IF gold rusts, what shall iron do?
This is the question on citizens’ minds following reports of corruption and maladministration in Parliament and the Zimbabwe Anti-Corruption Commission.
Last month, the nation wake up to news that Parliament administration led by clerk Kennedy Chokuda had agreed to a tender for the supply of laptops at US$9 000 each.
The matter only came to light when a leaked letter by Treasury through secretary for Finance and Economic Development George Guvamatanga announced that the ministry had reservations on a tender awarded to Blinart Investments (Private) Limited by Parliament for the supply of 173 laptops priced at US$9264.48 each, translating to US$1 602 755.77.
Under pressure from various stakeholders amid a public outcry, Parliament finally cancelled the tender it awarded to the shadowy company.
At present, Parliament’s Public Accounts Committee (PAC) led by Gweru Urban MP and seasoned lawyer Brian Dube, is seized with other cases that reek of corruption, judging from the way the august House’s administration handled public funds in 2019 and 2020.
The sad reality of these developments is that Parliament is a constitutional institution expected to be incorruptible, given its oversight role on the executive.
Besides the other two roles of making laws (legislative) and representing citizens, Parliament’s other mandate is to put checks on the executive and guard against all forms of corruption.
The oversight role entails the informal and formal, watchful, strategic and structured scrutiny exercised by the legislature in respect of the implementation of laws, the application of the budget and the strict observance of statutes and the constitution.
Now that Parliament itself has proven to be corrupt, its capacity to tackle the vice has been put in question.
It is useful to note that oversight extends to the monitoring of the performance of government departments through establishing compliance with rules and regulations as well as other best practices where there are no formalised procedures.
In terms of the provisions of the constitution of Zimbabwe, as well as standing orders, Parliament has power to exercise oversight on all organs of state, including those at provincial and local government levels.
Tafadzwa Chikumbu, the Transparency International of Zimbabwe (TIZ) director, said section 119 of the constitution is clear about how Parliament must be an institution that abides by strict accountability and integrity.
“The fact that every other institution must be accountable to Parliament does not mean that Parliament itself is immune to accountability. It is therefore betrayal to the people of Zimbabwe that Parliament is being entangled with cases of corruption,” he said.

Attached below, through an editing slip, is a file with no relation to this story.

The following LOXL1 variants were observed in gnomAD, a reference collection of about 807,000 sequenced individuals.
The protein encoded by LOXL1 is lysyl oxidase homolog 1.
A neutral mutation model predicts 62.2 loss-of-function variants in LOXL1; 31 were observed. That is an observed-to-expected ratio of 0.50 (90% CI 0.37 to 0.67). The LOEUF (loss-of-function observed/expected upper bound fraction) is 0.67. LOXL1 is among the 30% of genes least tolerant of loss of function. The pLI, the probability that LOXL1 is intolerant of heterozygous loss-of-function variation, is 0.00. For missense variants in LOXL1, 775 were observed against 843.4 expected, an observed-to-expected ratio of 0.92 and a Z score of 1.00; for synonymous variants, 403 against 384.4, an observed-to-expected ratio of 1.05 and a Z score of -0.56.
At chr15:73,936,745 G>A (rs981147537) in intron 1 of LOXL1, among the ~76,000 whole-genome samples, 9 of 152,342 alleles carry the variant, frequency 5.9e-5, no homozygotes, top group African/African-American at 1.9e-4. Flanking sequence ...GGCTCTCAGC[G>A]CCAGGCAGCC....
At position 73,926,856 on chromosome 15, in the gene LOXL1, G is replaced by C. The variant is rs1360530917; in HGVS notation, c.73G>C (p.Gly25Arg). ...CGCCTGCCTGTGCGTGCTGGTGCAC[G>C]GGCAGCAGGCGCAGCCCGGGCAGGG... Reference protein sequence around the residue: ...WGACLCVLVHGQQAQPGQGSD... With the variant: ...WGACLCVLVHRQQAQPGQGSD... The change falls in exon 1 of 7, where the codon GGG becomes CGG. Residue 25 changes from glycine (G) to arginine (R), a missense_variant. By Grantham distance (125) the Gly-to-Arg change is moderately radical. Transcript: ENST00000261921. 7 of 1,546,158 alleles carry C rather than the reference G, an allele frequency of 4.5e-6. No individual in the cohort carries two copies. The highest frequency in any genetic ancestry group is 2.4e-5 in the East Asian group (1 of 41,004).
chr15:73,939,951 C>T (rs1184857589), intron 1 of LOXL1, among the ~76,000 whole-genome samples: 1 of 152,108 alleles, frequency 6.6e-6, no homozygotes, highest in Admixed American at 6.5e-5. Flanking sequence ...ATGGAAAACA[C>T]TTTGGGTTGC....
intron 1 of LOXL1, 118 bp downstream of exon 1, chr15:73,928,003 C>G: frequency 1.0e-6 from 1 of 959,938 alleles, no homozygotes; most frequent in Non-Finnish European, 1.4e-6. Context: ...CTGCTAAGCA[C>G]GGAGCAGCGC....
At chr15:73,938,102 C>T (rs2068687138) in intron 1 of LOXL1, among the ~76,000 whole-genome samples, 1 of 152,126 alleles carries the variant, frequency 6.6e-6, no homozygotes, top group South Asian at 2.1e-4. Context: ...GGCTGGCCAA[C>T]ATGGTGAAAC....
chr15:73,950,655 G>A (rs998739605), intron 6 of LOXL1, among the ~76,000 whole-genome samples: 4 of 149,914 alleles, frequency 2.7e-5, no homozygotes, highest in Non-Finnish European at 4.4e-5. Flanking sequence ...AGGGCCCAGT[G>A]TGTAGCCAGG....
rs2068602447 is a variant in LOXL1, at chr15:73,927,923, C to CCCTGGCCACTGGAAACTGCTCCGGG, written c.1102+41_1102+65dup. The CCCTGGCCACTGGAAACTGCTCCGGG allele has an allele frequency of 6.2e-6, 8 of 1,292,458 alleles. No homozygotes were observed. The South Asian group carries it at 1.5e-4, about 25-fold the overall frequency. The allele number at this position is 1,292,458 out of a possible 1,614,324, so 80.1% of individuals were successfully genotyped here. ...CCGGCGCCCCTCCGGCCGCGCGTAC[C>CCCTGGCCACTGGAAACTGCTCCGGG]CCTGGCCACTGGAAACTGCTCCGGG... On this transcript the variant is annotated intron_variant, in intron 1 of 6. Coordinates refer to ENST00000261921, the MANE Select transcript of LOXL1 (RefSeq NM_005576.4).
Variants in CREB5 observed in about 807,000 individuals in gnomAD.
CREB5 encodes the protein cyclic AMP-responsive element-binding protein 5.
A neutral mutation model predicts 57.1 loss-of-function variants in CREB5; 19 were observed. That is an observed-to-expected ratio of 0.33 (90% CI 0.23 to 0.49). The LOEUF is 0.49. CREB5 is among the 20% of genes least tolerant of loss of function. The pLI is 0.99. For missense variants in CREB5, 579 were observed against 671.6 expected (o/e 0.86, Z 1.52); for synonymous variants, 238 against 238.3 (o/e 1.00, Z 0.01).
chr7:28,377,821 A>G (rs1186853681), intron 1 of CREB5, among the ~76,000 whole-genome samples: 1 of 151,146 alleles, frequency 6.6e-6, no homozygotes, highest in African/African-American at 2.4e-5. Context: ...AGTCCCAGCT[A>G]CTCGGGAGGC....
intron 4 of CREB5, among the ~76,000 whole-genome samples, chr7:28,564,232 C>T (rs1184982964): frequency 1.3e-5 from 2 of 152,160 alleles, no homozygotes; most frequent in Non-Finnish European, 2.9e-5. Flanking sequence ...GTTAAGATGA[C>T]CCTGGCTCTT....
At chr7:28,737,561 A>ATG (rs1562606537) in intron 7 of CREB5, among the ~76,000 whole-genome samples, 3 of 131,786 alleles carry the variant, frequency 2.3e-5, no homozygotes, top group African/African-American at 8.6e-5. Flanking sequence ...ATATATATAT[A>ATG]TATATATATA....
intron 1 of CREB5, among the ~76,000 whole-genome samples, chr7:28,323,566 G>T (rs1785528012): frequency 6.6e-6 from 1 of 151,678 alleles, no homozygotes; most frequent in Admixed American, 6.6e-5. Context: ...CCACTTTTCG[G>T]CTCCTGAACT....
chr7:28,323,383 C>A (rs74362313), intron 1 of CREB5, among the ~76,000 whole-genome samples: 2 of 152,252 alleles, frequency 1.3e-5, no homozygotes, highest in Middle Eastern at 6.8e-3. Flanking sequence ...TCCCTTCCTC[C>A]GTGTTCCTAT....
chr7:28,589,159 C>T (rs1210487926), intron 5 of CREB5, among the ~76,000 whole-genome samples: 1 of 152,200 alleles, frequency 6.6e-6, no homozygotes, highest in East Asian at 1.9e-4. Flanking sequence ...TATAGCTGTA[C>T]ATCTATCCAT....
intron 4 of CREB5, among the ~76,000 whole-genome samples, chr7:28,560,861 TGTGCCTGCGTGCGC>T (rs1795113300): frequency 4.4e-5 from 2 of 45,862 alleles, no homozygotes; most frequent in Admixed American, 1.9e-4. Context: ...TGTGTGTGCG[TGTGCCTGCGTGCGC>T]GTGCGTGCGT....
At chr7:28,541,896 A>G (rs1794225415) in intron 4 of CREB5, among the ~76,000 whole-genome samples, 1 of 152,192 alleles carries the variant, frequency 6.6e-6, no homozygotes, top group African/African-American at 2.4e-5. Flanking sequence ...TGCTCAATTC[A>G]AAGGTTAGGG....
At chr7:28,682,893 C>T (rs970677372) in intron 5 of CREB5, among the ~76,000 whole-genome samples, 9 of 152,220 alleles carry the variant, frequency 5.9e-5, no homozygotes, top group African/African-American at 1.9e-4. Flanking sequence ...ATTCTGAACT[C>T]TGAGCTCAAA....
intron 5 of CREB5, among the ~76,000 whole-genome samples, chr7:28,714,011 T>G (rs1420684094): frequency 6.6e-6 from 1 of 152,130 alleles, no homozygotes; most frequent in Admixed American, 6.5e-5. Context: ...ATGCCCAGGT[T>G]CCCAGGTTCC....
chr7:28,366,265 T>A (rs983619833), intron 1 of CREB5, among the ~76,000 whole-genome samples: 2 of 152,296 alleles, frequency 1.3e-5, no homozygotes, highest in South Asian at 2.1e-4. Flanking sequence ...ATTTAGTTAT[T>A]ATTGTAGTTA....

Recently it also emerged that the Zacc had failed to produce supporting documents to validate its expenditure in the previous year to Auditor-General Mildred Chiri.
In her report on state-owned enterprises and entities, Chiri said the audit findings warranted the attention of management and those charged with governance.
“The commission did not fully comply with the provisions of International Accounting Standards (IAS 21), ‘The Effects of Changes in Foreign Exchange Rates’ as Statutory Instrument 33 of 2019 precluded the commission from applying an independent assessment of functional currency as required by the accounting standard and in terms of the guidance provided by the Public Accountants and Auditors Board (PAAB),” Chiri said.
After Parliament, the nation looks up to Zacc insofar as weeding out corruption is concerned. It is tragic that both Parliament and Zacc are themselves not clean.
TIZ boss Chikumbu told The NewsHawks that the absence of the supporting documents on how Zacc spent public funds suggested that money may have been looted.
“Zacc is a critical institution of accountability and transparency. Given their mandate, they should also be exemplary in the management of public resources. It is a cause for concern to note that there is unclear utilisation of public resources at Zacc,” he said.
Obert Chinhamo, the director of the Anti-Corruption Trust of Southern Africa (ACT-SA), added that it is imperative that those who have betrayed the vision of good governance at Parliament and Zacc be brought to book.
“Institutions of integrity must be exemplary in terms of procurement and financial transparency and accountability. We hope that all those responsible are brought to book. The earlier this is done, the better, since it tarnishes the image of the country,” he said.